Objectives: We compared the tolerability and efficacy of intranasal subdissociative ketamine to intranasal fentanyl for analgesia of children with acute traumatic pain and investigated the feasibility of a larger noninferiority trial that could investigate the potential opioid-sparing effects of intranasal ketamine.
Methods: This randomized controlled trial compared 1 mg/kg intranasal ketamine to 1.5 μg/kg intranasal fentanyl in children 4 to 17 years old with acute pain from suspected isolated extremity fractures presenting to an urban Level II pediatric trauma center from December 2015 to November 2016. Patients, parents, treating physicians, and outcome assessors were blinded to group allocation. The primary outcome, a tolerability measure, was the frequency of cumulative side effects and adverse events within 60 minutes of drug administration. The secondary outcomes included the difference in mean pain score reduction at 20 minutes, the proportion of patients achieving a clinically significant reduction in pain in 20 minutes, total dose of opioid pain medication in morphine equivalents/kg/hour (excluding study drug) required during the emergency department (ED) stay, and the feasibility of enrolling children presenting to the ED in acute pain into a randomized trial conducted under U.S. regulations. All patients were monitored until 6 hours after their last dose of study drug or until admission to the hospital ward or operating room.
Results: Of 629 patients screened, 87 received the study drug and 82 had complete data for the primary outcome (41 patients in each group). The median (interquartile range) age was 8 (6-11) years and 62% were male. Baseline pain scores were similar among patients randomized to receive ketamine (73 ± 26) and fentanyl (69 ± 26; mean difference [95% CI] = 4 [-7 to 15]). The cumulative number of side effects was 2.2 times higher in the ketamine group, but there were no serious adverse events and no patients in either group required intervention. The most common side effects of ketamine were bad taste in the mouth (37; 90.2%), dizziness (30; 73.2%), and sleepiness (19; 46.3%). The most common side effects of fentanyl were sleepiness (15; 36.6%), bad taste in the mouth (9; 22%), and itchy nose (9; 22%). No patients experienced respiratory side effects. At 20 minutes, the mean pain scale score reduction was 44 ± 36 for ketamine and 35 ± 29 for fentanyl (mean difference = 9 [95% CI = -4 to 23]). Procedural sedation with ketamine occurred in 28 ketamine patients (65%) and 25 fentanyl patients (57%) prior to completing the study.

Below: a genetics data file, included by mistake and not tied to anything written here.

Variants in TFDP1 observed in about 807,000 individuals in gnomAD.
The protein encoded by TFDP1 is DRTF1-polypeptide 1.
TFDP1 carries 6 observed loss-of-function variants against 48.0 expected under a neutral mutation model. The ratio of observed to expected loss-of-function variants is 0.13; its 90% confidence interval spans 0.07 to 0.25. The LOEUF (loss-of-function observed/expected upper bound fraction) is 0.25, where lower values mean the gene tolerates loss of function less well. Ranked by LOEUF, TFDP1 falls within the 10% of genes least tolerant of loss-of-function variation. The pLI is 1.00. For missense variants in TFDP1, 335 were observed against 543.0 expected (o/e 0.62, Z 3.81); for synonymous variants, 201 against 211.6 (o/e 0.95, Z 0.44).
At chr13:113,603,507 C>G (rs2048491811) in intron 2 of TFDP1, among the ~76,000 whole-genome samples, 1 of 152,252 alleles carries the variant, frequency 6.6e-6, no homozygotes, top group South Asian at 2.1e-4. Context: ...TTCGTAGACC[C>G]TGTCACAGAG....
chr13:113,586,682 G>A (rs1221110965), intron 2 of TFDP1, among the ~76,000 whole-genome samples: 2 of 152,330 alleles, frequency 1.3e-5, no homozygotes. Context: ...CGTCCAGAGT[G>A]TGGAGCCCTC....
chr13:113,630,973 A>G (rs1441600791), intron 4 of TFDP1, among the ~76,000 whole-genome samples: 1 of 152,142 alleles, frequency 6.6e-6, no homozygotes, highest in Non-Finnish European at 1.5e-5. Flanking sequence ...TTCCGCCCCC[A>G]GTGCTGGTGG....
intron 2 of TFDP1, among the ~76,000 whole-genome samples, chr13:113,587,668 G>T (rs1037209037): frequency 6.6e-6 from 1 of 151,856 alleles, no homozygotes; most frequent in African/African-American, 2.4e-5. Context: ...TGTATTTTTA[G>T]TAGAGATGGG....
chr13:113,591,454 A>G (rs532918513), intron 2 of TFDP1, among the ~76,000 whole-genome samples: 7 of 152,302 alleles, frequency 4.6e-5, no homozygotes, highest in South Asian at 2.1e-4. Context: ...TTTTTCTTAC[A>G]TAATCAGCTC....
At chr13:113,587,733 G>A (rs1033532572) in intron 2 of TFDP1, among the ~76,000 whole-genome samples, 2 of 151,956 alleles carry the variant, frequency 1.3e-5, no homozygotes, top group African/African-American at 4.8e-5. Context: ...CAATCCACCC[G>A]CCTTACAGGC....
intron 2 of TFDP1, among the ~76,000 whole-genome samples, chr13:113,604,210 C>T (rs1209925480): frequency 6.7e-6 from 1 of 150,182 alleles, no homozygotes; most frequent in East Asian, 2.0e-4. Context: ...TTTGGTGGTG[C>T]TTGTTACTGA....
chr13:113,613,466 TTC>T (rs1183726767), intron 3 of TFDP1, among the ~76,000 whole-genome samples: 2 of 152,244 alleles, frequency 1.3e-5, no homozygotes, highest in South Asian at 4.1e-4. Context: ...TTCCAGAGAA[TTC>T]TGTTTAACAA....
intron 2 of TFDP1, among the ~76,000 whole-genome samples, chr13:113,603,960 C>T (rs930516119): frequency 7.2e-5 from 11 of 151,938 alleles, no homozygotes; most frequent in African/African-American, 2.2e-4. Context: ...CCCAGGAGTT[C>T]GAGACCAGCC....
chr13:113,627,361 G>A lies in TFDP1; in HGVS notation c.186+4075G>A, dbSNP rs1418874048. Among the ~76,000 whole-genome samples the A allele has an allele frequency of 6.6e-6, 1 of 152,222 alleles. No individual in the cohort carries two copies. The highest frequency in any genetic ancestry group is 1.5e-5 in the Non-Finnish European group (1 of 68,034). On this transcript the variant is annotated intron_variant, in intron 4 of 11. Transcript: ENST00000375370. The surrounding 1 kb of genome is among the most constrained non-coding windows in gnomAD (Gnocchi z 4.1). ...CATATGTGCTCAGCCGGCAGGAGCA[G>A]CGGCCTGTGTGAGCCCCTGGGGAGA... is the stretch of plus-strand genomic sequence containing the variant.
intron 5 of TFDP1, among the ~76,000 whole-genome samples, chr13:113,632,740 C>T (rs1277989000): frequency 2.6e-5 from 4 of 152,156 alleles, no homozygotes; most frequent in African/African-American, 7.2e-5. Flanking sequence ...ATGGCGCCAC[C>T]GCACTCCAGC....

Conclusions: Intranasal ketamine was associated with more minor side effects than intranasal fentanyl. Pain relief at 20 minutes was similar between groups. Our data support the feasibility of a larger, noninferiority trial to more rigorously evaluate the safety, efficacy, and potential opioid-sparing benefits of intranasal ketamine analgesia for children with acute pain.
© 2017 by the Society for Academic Emergency Medicine.